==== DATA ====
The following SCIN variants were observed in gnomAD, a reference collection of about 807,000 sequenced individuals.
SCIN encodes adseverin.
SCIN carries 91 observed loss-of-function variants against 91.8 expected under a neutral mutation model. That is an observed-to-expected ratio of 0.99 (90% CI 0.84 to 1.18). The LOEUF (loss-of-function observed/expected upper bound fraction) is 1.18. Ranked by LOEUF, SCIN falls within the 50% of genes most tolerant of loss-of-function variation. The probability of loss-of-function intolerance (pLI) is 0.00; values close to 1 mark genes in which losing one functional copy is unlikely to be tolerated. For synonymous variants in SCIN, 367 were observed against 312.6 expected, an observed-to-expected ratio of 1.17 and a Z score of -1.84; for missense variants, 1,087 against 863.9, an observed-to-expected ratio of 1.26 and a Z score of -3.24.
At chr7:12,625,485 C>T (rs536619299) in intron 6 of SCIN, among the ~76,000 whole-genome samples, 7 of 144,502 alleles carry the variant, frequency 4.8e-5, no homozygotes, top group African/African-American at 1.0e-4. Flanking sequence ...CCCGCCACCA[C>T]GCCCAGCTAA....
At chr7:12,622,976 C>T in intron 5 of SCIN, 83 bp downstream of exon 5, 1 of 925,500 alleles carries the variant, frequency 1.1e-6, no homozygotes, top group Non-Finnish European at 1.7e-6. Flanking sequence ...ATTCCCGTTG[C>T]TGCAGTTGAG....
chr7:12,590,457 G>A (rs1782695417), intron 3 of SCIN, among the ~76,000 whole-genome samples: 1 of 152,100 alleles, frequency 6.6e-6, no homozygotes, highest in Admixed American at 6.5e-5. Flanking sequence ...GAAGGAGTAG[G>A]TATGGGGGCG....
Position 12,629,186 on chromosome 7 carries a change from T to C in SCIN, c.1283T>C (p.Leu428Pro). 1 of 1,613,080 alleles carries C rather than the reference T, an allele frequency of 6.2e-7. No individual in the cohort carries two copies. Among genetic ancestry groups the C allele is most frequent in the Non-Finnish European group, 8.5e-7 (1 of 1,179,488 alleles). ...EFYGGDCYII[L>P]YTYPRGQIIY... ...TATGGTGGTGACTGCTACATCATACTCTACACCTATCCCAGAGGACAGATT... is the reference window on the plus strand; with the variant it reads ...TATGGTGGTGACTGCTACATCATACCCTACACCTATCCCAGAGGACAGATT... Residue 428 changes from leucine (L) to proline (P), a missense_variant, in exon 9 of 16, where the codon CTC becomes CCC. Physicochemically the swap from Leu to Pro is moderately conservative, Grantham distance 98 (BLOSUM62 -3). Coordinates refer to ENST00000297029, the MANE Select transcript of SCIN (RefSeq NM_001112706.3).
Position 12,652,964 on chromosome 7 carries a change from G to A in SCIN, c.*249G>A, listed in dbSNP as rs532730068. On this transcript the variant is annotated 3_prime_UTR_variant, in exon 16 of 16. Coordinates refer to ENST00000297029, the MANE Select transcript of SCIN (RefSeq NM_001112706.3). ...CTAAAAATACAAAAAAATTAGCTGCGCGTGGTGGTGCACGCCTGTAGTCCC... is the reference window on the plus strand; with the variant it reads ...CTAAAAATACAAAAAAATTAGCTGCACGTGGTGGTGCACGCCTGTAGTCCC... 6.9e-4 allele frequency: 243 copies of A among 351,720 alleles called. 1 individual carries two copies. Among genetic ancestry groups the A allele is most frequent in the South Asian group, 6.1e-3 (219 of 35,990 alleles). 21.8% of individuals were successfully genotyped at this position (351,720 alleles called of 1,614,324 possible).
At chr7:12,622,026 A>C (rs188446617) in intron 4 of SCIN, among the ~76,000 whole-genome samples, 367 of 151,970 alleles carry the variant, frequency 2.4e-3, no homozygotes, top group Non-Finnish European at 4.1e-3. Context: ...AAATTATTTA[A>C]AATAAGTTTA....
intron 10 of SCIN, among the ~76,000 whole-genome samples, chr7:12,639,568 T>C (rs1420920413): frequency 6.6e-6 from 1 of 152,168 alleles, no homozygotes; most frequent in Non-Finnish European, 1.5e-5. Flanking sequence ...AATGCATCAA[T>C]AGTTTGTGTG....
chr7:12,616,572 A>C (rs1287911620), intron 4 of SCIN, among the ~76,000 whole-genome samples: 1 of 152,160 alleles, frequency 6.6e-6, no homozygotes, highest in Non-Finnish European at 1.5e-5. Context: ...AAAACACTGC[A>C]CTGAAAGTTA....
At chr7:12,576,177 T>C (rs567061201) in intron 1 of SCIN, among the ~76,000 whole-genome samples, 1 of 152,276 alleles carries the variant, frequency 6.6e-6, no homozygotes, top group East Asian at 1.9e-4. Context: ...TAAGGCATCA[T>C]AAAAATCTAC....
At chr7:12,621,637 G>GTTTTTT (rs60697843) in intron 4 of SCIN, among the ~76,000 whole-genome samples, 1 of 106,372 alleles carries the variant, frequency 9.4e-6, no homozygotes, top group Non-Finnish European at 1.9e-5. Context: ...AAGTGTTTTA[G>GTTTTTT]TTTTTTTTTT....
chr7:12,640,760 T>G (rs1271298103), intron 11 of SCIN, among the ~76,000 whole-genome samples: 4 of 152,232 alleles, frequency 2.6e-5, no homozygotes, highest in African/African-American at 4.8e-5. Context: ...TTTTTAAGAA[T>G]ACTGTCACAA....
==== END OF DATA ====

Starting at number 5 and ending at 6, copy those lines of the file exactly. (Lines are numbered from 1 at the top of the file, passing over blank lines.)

At chr7:12,622,976 C>T in intron 5 of SCIN, 83 bp downstream of exon 5, 1 of 925,500 alleles carries the variant, frequency 1.1e-6, no homozygotes, top group Non-Finnish European at 1.7e-6. Flanking sequence ...ATTCCCGTTG[C>T]TGCAGTTGAG....
chr7:12,590,457 G>A (rs1782695417), intron 3 of SCIN, among the ~76,000 whole-genome samples: 1 of 152,100 alleles, frequency 6.6e-6, no homozygotes, highest in Admixed American at 6.5e-5. Flanking sequence ...GAAGGAGTAG[G>A]TATGGGGGCG....